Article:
On any given, tuberculosis claims over 1,000 lives in India. Now, with the government and health care system’s energies focussed on controlling the spread of Covid-19, access to healthcare facilities for other infectious diseases, especially tuberculosis, has reduced significantly. How has the lockdown impacted TB patients and how are they coping? And as the government continues its fight against Covid-19, what must the government do to ensure we do not slide back on the progress made with TB care over the decades?
In this two-part episode, co-hosts Yamini Aiyar, President and Chief Executive of Centre for Policy Research, and Dr Jishnu Das, Professor at Georgetown University and Senior Visiting Fellow at the Delhi-based think tank, speak with Dr Madhukar Pai, Professor and Director of McGill Global Health Programs and International TB Centre; Nandita Venkatesan, a journalist, TB survivor and TB disability advocate; and Dr Sarthak Rastogi, consultant pulmonologist at the Holy Family Hospital in Mumbai.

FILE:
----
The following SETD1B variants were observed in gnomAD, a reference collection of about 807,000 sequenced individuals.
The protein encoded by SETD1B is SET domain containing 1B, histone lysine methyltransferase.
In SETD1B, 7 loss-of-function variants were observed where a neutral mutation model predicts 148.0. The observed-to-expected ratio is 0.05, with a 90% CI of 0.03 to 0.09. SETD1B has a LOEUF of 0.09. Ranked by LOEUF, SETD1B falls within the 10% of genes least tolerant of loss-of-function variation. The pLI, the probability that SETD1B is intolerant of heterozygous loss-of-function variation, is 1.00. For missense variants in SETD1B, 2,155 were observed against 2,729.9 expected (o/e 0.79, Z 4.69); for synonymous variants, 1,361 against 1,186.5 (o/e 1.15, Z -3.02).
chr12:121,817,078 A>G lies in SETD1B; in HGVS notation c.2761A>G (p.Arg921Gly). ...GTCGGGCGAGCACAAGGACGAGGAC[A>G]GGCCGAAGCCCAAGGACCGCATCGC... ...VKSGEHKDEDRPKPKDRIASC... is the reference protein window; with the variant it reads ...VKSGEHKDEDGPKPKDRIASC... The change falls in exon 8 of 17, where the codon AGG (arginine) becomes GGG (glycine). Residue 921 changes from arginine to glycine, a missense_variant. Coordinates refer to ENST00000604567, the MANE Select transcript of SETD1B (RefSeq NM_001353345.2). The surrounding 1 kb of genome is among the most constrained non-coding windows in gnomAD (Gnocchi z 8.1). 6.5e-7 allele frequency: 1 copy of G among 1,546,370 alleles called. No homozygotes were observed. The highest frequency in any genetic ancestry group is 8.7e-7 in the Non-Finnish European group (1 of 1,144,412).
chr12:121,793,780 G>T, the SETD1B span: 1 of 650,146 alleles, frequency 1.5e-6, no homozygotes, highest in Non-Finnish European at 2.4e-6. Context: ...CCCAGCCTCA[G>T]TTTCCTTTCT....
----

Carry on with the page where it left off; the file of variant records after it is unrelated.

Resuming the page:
In part one, Pai, Venkatesan, and Rastogi lay out the context of tuberculosis in India and share first-hand accounts of the disruption in diagnosis and care as a result of the lockdown. They point out that new diagnoses have come to a complete halt and patients on treatment regimens are facing extreme difficulty in accessing their medication. This could have devastating consequences for India’s fight against TB.
This is part one of episode seven in a series by the Centre for Policy Research on the unfolding coronavirus pandemic in India. You can follow the Centre’s work on Covid-19 on Twitter or visit www.cprindia.org. You can listen to all the episodes in the Coronavirus Conversation series here.
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